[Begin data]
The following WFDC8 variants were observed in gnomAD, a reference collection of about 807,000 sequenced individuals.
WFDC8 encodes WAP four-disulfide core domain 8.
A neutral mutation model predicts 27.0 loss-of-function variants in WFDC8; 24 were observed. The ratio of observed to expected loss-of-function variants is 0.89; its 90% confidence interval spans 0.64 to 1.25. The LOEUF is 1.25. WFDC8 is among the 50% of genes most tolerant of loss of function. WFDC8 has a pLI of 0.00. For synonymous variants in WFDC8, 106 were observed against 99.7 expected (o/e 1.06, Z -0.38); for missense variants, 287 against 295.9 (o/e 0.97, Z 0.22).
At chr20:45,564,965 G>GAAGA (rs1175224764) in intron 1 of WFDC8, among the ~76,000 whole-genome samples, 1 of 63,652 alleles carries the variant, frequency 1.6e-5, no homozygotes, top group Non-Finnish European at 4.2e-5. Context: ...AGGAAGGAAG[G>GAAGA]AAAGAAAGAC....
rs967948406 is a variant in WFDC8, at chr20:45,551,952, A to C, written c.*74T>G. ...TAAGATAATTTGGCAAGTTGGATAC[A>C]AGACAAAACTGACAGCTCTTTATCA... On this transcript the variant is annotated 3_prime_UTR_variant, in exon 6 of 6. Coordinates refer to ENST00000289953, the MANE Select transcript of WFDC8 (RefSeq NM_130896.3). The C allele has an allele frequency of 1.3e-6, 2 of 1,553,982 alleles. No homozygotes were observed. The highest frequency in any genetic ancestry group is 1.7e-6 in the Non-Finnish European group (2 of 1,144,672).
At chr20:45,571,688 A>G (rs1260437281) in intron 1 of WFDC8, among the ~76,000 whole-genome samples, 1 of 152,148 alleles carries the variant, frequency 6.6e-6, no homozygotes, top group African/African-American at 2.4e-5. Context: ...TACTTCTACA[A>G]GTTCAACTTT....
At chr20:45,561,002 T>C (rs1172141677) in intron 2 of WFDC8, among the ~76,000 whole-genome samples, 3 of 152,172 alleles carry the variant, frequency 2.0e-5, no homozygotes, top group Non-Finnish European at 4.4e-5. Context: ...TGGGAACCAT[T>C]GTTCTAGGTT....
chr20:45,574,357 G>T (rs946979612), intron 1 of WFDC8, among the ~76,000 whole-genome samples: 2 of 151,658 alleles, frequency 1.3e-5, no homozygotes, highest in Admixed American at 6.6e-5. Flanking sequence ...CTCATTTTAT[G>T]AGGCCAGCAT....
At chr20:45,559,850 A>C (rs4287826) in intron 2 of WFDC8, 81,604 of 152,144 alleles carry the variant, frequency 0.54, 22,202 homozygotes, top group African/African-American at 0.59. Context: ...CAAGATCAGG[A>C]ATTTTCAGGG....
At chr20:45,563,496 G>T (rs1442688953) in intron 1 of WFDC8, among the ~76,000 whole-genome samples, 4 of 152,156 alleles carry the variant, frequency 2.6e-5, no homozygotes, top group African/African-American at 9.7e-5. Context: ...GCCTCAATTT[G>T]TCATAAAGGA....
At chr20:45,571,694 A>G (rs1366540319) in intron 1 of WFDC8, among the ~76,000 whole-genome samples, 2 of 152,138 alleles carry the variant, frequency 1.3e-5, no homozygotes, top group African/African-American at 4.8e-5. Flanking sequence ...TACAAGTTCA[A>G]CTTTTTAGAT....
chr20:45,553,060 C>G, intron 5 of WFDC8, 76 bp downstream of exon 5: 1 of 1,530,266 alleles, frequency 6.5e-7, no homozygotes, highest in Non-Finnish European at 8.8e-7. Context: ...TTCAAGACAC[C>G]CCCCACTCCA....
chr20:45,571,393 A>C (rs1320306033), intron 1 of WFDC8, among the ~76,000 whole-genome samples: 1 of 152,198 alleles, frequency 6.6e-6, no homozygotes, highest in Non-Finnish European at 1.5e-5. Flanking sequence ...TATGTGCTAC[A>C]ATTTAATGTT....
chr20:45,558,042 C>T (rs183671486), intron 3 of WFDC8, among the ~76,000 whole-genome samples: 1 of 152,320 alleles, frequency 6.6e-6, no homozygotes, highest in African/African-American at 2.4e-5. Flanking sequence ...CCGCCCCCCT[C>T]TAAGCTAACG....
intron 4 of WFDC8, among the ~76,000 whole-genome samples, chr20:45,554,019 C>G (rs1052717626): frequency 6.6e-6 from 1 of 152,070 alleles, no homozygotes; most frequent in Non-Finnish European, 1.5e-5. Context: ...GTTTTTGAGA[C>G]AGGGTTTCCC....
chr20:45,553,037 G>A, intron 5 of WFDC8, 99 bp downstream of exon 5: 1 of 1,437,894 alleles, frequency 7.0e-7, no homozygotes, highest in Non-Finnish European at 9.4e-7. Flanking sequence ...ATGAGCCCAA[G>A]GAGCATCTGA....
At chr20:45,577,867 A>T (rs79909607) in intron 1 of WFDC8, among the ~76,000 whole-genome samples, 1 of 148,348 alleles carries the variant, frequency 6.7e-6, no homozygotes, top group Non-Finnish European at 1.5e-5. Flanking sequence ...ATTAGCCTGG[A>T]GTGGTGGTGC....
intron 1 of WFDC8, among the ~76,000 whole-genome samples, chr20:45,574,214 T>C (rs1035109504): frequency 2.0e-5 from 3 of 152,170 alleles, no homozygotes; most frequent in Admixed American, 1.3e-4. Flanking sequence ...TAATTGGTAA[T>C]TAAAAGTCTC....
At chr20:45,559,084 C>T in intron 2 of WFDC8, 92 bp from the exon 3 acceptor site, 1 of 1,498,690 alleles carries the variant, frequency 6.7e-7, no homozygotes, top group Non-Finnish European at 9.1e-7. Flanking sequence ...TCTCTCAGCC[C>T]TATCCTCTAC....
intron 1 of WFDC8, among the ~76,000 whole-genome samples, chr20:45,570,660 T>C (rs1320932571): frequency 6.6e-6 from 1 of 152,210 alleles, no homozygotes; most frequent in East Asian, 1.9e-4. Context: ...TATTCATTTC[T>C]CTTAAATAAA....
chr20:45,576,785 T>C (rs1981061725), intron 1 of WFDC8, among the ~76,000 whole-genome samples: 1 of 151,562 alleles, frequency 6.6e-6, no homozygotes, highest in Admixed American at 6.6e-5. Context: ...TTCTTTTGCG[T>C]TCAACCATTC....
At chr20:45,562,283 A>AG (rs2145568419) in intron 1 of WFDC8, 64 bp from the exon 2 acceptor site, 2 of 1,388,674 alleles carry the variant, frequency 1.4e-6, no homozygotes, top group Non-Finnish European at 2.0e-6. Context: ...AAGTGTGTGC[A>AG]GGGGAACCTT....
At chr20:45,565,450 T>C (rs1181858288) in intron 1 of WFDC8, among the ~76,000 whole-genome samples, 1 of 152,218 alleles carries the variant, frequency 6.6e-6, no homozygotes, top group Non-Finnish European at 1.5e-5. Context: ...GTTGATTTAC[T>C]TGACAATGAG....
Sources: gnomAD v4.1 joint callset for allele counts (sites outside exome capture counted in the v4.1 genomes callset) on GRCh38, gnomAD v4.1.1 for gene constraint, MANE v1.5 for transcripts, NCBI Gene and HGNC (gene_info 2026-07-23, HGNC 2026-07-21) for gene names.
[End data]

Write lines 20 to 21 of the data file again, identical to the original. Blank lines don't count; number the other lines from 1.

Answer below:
intron 1 of WFDC8, among the ~76,000 whole-genome samples, chr20:45,570,660 T>C (rs1320932571): frequency 6.6e-6 from 1 of 152,210 alleles, no homozygotes; most frequent in East Asian, 1.9e-4. Context: ...TATTCATTTC[T>C]CTTAAATAAA....
chr20:45,576,785 T>C (rs1981061725), intron 1 of WFDC8, among the ~76,000 whole-genome samples: 1 of 151,562 alleles, frequency 6.6e-6, no homozygotes, highest in Admixed American at 6.6e-5. Context: ...TTCTTTTGCG[T>C]TCAACCATTC....